I find the possibility of trying something like this, brings up a mixture of skepticism and distrust in this massive industry fully dedicated to making us (women) feel old. Yet… I find that I am curious. Mind you I’m not fanatical or obsessed with the idea of trying Botox or any plastic surgery. The closest I’ve come to anything resembling a aesthetic procedure is a glycolic peel. If pressed to make a choice between minor plastic surgery procedures and something more enriching for my health and well being, I would pick the latter. I’ve practiced yoga for 20 years, have made peace with most of my flaws (and there are many) and I truly  don’t mind my “fine lines”. This however has not stopped me from looking in the mirror from time to time and wondering if my face is “aging” me. 

Is it better to never start, and let the body age gracefully?

Aging gracefully at our day is ironically considered a choice. The scrutiny and the critical eye most women endure to their ever changing looks does not escape me; I’m not “above it all”. I still refuse to let my grey hair show or my body go, but I am slightly shocked, and not at all surprised that many (too many) women in Greece, start “minor” procedures like Botox from their early 30’s and an increasing number in their late 20’s. Greece is not a wealthy country like the U.S, yet women of ALL financial means put whatever money they can afford to a myriad of beauty treatments. After the mid 90’s “beauty centers” kept popping up like mushrooms in Athens and other major cities,  and now plastic surgery in all its forms is all too common.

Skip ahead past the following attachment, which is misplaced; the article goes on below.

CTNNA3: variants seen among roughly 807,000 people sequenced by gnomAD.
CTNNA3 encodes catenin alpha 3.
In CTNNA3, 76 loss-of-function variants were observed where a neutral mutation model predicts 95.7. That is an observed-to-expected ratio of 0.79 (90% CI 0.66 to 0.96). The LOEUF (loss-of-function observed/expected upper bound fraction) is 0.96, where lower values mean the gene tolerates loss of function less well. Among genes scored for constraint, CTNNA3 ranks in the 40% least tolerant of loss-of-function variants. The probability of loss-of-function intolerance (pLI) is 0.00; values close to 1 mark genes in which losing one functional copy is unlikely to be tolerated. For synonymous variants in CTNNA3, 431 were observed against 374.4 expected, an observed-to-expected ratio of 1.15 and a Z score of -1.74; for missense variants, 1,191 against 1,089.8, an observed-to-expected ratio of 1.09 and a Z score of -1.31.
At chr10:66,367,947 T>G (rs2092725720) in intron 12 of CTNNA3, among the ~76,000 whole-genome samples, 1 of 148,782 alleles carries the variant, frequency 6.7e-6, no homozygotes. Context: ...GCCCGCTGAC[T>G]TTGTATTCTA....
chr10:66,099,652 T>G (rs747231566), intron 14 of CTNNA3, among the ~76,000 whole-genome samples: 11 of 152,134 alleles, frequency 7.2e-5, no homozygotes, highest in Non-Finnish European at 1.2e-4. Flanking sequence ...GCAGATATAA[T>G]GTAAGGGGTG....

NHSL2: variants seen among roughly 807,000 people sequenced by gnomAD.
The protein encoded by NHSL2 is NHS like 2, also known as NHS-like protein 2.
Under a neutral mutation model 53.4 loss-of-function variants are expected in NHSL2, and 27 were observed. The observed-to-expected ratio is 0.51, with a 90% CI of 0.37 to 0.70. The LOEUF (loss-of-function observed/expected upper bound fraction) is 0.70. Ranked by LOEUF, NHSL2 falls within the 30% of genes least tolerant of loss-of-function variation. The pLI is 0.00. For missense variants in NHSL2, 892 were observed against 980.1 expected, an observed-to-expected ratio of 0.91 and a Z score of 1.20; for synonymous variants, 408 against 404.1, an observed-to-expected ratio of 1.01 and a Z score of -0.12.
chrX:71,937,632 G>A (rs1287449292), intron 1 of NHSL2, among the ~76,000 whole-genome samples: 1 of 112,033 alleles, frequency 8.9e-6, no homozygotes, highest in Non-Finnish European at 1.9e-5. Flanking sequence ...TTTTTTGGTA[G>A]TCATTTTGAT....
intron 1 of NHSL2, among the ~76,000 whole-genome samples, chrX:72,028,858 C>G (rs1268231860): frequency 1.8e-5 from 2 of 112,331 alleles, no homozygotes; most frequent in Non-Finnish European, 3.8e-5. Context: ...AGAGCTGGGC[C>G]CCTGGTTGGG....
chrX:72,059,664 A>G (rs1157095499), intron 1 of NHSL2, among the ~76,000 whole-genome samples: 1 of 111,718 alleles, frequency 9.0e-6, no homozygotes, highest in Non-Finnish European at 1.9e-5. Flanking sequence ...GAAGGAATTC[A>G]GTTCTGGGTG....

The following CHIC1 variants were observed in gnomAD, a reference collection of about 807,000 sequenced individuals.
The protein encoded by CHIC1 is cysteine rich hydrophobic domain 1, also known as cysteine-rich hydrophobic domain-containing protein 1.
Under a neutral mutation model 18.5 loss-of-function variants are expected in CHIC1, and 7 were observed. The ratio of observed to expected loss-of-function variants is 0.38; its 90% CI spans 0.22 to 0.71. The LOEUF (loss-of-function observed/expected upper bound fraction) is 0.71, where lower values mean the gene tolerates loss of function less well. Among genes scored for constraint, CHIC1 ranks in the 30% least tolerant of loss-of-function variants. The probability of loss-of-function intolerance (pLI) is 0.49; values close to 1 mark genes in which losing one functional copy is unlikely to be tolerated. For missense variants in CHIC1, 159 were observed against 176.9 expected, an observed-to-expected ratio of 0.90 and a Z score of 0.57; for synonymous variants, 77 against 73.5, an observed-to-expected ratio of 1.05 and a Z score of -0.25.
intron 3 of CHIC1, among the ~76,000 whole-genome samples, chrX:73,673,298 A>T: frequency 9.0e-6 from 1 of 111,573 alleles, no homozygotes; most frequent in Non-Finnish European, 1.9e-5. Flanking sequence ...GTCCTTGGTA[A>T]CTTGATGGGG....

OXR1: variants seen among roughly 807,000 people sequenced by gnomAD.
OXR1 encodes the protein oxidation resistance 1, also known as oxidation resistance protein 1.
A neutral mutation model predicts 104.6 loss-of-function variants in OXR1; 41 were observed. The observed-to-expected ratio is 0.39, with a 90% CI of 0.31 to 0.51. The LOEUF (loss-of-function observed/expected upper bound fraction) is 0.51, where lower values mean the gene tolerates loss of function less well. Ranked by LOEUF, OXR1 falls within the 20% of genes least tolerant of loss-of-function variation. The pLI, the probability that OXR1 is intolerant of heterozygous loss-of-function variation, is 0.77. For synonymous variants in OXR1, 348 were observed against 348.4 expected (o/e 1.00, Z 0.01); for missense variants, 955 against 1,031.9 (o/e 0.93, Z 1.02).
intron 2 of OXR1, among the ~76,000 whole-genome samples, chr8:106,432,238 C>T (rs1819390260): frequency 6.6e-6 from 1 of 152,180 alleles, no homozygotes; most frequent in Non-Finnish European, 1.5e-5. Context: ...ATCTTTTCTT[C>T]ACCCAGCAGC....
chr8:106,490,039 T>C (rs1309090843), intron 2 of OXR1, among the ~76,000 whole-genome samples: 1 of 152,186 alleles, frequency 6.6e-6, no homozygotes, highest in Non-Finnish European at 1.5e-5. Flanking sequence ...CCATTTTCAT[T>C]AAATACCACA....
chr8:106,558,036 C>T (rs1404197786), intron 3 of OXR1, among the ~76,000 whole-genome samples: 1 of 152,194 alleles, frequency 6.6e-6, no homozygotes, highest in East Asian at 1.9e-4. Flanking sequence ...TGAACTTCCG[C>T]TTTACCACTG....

Do I know women who have had elective plastic surgery?

Yes I do. Each one chose for their own reasons, and in all honesty the results were spectacular. What was more apparent than the physical results, was a noticeable improvement in self confidence. In the grand scheme of things, these types of procedures are not as important as our overall health, but if a small change however trivial; makes such a big difference, more power to you ladies (and gents) for doing something to boost your looks, and confidence. My only concern again has to do with the overall psychological and emotional impact of elective plastic surgery. Like any kind of body modification, it can be addictive, (I have 4 tattoos on my body and plan to get more)  so entering this world If I ever do, I want to do it for the right reasons. 

Till then… a little extra night cream.

If you want to read more of my previous posts check below :